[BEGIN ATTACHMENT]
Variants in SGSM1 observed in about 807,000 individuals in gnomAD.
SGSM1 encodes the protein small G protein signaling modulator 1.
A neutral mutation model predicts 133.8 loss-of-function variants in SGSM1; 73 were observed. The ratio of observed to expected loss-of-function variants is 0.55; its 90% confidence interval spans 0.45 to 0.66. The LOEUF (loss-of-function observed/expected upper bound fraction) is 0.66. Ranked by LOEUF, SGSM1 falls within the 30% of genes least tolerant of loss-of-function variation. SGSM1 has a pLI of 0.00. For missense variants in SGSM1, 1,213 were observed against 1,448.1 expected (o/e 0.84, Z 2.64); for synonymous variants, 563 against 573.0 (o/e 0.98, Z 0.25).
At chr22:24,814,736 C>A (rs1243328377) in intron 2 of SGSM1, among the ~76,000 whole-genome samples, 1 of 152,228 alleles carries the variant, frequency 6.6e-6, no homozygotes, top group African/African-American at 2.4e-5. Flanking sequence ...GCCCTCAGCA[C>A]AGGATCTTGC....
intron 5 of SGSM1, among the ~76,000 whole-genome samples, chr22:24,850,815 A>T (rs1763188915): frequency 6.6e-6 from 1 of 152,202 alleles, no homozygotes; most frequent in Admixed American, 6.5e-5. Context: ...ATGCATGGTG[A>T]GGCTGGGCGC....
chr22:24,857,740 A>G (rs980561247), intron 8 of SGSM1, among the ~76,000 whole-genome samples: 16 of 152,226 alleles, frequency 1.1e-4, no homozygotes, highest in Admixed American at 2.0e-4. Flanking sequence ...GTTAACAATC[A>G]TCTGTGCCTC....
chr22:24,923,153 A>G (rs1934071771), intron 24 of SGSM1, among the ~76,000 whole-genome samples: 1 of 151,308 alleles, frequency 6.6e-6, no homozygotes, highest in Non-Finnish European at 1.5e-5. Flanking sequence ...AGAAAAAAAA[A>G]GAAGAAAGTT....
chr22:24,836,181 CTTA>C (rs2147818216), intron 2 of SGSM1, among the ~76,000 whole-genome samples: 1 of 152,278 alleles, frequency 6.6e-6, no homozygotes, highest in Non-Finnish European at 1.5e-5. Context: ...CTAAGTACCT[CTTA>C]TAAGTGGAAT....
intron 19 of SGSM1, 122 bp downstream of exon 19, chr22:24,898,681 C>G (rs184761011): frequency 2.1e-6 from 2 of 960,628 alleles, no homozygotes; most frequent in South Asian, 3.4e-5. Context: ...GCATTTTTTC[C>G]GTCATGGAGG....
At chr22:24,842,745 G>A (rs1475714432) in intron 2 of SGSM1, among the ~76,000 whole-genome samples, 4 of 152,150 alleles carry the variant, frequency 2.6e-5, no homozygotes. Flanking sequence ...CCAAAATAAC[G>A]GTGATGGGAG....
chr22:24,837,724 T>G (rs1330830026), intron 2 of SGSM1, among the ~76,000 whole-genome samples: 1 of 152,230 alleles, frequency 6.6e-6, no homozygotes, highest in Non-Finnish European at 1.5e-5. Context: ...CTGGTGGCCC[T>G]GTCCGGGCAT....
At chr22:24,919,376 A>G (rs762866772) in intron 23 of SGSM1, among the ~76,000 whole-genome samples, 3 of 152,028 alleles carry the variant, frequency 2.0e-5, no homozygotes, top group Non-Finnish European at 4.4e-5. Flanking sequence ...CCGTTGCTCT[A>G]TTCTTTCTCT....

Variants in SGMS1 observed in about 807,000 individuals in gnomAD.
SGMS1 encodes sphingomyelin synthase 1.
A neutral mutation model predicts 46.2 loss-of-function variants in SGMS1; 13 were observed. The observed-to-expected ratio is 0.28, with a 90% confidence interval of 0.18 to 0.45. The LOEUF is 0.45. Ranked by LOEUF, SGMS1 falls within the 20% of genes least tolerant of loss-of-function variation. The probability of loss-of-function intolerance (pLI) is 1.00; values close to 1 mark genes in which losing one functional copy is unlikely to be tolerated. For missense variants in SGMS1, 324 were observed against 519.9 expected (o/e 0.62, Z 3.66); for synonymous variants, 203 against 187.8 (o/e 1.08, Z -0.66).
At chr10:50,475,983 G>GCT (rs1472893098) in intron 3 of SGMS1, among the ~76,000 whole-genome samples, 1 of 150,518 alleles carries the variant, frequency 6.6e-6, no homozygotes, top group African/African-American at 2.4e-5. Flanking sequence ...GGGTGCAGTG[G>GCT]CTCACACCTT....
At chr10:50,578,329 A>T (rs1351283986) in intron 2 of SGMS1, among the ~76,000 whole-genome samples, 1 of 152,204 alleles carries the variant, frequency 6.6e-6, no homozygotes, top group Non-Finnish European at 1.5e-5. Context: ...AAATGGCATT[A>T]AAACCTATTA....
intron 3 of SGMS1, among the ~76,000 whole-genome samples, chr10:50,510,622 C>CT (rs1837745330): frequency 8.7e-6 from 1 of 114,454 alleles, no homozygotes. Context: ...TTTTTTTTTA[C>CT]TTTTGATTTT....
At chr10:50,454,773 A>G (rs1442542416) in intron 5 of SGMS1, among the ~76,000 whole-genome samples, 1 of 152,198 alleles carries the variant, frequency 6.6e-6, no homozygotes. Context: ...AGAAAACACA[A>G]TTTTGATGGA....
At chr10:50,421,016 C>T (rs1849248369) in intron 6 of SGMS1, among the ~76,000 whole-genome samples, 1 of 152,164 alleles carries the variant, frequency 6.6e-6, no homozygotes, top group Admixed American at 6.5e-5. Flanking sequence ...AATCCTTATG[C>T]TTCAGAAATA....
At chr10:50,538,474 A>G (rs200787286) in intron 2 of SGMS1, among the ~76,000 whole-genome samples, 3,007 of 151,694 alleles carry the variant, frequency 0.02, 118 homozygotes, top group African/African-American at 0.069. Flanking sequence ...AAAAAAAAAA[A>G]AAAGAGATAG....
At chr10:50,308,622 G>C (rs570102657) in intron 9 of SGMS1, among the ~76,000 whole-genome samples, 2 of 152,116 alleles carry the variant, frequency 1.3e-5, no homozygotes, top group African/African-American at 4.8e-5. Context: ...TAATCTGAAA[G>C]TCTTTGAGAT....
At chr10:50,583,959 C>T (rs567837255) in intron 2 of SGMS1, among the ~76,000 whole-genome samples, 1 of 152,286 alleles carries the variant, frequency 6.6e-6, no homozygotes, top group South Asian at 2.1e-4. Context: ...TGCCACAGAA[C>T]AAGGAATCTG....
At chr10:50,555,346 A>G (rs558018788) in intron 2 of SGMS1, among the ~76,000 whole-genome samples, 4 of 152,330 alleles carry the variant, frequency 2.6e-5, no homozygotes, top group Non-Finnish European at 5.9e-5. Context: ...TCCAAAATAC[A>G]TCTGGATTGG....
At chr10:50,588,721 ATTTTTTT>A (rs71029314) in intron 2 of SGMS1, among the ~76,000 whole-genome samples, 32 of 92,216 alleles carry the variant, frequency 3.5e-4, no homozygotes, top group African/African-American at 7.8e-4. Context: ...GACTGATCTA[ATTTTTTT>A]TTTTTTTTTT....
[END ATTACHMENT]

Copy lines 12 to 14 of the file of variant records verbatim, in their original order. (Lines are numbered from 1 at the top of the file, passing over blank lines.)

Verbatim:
At chr22:24,919,376 A>G (rs762866772) in intron 23 of SGSM1, among the ~76,000 whole-genome samples, 3 of 152,028 alleles carry the variant, frequency 2.0e-5, no homozygotes, top group Non-Finnish European at 4.4e-5. Flanking sequence ...CCGTTGCTCT[A>G]TTCTTTCTCT....

Variants in SGMS1 observed in about 807,000 individuals in gnomAD.
SGMS1 encodes sphingomyelin synthase 1.